On September 11, 1941, during his radio ‘fireside chat’, President Roosevelt knowingly lied to his American audience. “I tell you the blunt fact that the German submarine fired first upon this American destroyer without warning”. He did so in order to justify the war against Nazi Germany. On January 26, 1998, with his wife by his side, President Clinton knowingly lied to his American audience. “I did not have sexual relations with that woman”. He did so in order to protect himself from scandal. Is lying a concomitant symptom of effective leadership? If so, is there such a phenomenon as Plato’s ‘noble’ lie?
In Shakespeare’s Julius Caesar, Brutus and Marcus Antonius both engage in dishonesty and deliberate inaccuracy. Their lies however, have diametrically opposed intentions: Brutus to save Rome and uphold a robust republic and Antonius for ambition and to avenge a murder. Lies build upon lies to placate, misdirect or garner favour from ‘the people’, resulting in war, Brutus’s suicide, and victory for Antonius. Thematically then, the tragedy explores the utility and ramifications of deception in leadership. Are we right to demand absolute truth from leaders at all times, or are there circumstances in which deception can be justified?
Absolutists such as Kant (Ellington, 1993) and St Augustine (Brown, 1887) maintain that lying is always wrong, whilst the utilitarian approach prefers to delve deeper into the context and results of the lie. Leaders must absolutely lie for many reasons – to maintain security, to protect the vulnerable, prevent a war (Alterman, 2004). Lying clearly has its place in leadership – however, what of lies steeped in self-interest? How do we gauge the worthiness of a lie?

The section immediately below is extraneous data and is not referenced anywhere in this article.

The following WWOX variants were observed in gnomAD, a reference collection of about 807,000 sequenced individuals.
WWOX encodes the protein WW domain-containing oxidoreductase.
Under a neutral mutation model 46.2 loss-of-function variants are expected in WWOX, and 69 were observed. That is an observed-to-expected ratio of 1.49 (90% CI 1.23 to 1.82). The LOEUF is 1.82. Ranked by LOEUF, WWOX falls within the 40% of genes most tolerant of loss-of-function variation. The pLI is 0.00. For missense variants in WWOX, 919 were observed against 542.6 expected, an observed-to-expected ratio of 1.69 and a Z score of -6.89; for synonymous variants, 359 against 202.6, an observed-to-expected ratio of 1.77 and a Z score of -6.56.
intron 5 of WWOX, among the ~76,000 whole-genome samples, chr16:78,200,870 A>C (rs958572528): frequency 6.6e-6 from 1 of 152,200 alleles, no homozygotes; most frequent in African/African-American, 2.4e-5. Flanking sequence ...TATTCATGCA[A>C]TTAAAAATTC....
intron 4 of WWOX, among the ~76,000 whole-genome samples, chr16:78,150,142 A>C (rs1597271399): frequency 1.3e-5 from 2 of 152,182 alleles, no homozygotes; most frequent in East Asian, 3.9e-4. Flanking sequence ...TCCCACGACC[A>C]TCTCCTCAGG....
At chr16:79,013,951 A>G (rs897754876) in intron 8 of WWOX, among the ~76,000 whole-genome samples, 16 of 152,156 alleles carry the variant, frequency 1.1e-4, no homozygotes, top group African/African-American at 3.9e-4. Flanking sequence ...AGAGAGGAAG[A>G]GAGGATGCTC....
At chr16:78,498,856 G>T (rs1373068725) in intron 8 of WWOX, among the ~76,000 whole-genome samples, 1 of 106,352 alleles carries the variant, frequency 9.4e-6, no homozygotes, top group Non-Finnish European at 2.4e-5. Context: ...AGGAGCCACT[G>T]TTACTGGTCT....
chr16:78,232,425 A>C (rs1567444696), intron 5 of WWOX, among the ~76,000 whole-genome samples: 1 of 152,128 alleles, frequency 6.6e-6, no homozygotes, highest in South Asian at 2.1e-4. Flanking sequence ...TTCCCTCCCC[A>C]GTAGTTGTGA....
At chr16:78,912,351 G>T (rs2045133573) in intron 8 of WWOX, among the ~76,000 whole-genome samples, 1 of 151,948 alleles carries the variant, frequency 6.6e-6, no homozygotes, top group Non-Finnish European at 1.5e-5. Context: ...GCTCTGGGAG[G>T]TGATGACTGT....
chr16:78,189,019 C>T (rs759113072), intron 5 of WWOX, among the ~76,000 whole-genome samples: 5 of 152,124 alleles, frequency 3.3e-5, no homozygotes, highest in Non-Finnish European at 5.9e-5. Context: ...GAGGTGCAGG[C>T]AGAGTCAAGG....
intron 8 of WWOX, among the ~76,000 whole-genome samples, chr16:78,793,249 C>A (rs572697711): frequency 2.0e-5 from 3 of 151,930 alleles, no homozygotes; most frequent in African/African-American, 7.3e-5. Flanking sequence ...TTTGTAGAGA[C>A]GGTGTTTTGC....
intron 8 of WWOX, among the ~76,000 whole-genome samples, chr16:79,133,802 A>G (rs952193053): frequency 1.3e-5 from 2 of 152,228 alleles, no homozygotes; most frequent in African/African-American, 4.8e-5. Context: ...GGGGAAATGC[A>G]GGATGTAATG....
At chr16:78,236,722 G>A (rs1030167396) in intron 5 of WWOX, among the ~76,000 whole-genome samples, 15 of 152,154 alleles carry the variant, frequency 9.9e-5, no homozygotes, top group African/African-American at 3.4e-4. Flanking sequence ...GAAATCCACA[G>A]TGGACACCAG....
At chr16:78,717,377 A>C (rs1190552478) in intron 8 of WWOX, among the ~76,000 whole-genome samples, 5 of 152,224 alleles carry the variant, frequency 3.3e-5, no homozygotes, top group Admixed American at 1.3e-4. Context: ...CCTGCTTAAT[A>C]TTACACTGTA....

Churchill described truth as being so precious it must be “attended by a bodyguard of lies”. If leaders must lie, and there are on occasion good reasons for it, discernment is critical. When, about what, to whom, why and with what result are key. This requires objectivity, self-awareness and experience – wisdom, if you will.
To leaders, as with impulsive teenagers, the short term benefits of lying are clear, present and hypnotically appealing; long term ramifications are rarely conceivable. Without wisdom, lies are a Shelby Mustang devoid of its steering wheel.
Alterman, Eric. (2004) When Presidents Lie: A History of Official Deception and Its Consequences. Viking Penguin: New York.
Browne, H. (1887) Nicene and Post-Nicene Fathers, First Series, Vol. 3. Christian Literature Publishing Co: New York
Churchill, W. The Second World War – Vol. 5 – Closing The Ring. Cassell & Co Ltd: London
Ellington, J.W. (1993) Grounding for the metaphysics of morals; with, On a supposed right to lie because of philanthropic concerns. Hackett Pub. Co.: Indianapolis
Roosevelt, Franklin Delano. "Fireside Chat 18: On The Greer Incident (September 11, 1941)". Miller Center of Public Affairs, University of Virginia.